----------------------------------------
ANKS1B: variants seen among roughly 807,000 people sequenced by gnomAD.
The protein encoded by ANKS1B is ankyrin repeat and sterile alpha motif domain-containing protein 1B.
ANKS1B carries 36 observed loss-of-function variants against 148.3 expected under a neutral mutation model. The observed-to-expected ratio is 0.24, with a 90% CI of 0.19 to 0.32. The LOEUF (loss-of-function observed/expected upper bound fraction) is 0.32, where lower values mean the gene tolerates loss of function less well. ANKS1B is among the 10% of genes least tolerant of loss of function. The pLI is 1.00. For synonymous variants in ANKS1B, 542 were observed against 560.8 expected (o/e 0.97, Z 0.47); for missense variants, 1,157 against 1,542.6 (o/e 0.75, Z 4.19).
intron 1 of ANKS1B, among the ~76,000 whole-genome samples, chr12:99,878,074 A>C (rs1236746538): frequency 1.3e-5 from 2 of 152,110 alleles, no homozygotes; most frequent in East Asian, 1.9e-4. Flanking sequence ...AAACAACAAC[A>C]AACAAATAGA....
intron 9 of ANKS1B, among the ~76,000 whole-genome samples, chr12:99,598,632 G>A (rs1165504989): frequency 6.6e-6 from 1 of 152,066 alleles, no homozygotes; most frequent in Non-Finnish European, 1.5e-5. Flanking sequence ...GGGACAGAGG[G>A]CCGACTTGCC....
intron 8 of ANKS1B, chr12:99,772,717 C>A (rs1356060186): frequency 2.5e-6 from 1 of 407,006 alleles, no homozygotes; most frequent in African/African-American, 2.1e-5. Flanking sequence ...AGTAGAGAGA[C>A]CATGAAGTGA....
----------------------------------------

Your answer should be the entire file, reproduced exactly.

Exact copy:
ANKS1B: variants seen among roughly 807,000 people sequenced by gnomAD.
The protein encoded by ANKS1B is ankyrin repeat and sterile alpha motif domain-containing protein 1B.
ANKS1B carries 36 observed loss-of-function variants against 148.3 expected under a neutral mutation model. The observed-to-expected ratio is 0.24, with a 90% CI of 0.19 to 0.32. The LOEUF (loss-of-function observed/expected upper bound fraction) is 0.32, where lower values mean the gene tolerates loss of function less well. ANKS1B is among the 10% of genes least tolerant of loss of function. The pLI is 1.00. For synonymous variants in ANKS1B, 542 were observed against 560.8 expected (o/e 0.97, Z 0.47); for missense variants, 1,157 against 1,542.6 (o/e 0.75, Z 4.19).
intron 1 of ANKS1B, among the ~76,000 whole-genome samples, chr12:99,878,074 A>C (rs1236746538): frequency 1.3e-5 from 2 of 152,110 alleles, no homozygotes; most frequent in East Asian, 1.9e-4. Flanking sequence ...AAACAACAAC[A>C]AACAAATAGA....
intron 9 of ANKS1B, among the ~76,000 whole-genome samples, chr12:99,598,632 G>A (rs1165504989): frequency 6.6e-6 from 1 of 152,066 alleles, no homozygotes; most frequent in Non-Finnish European, 1.5e-5. Flanking sequence ...GGGACAGAGG[G>A]CCGACTTGCC....
intron 8 of ANKS1B, chr12:99,772,717 C>A (rs1356060186): frequency 2.5e-6 from 1 of 407,006 alleles, no homozygotes; most frequent in African/African-American, 2.1e-5. Flanking sequence ...AGTAGAGAGA[C>A]CATGAAGTGA....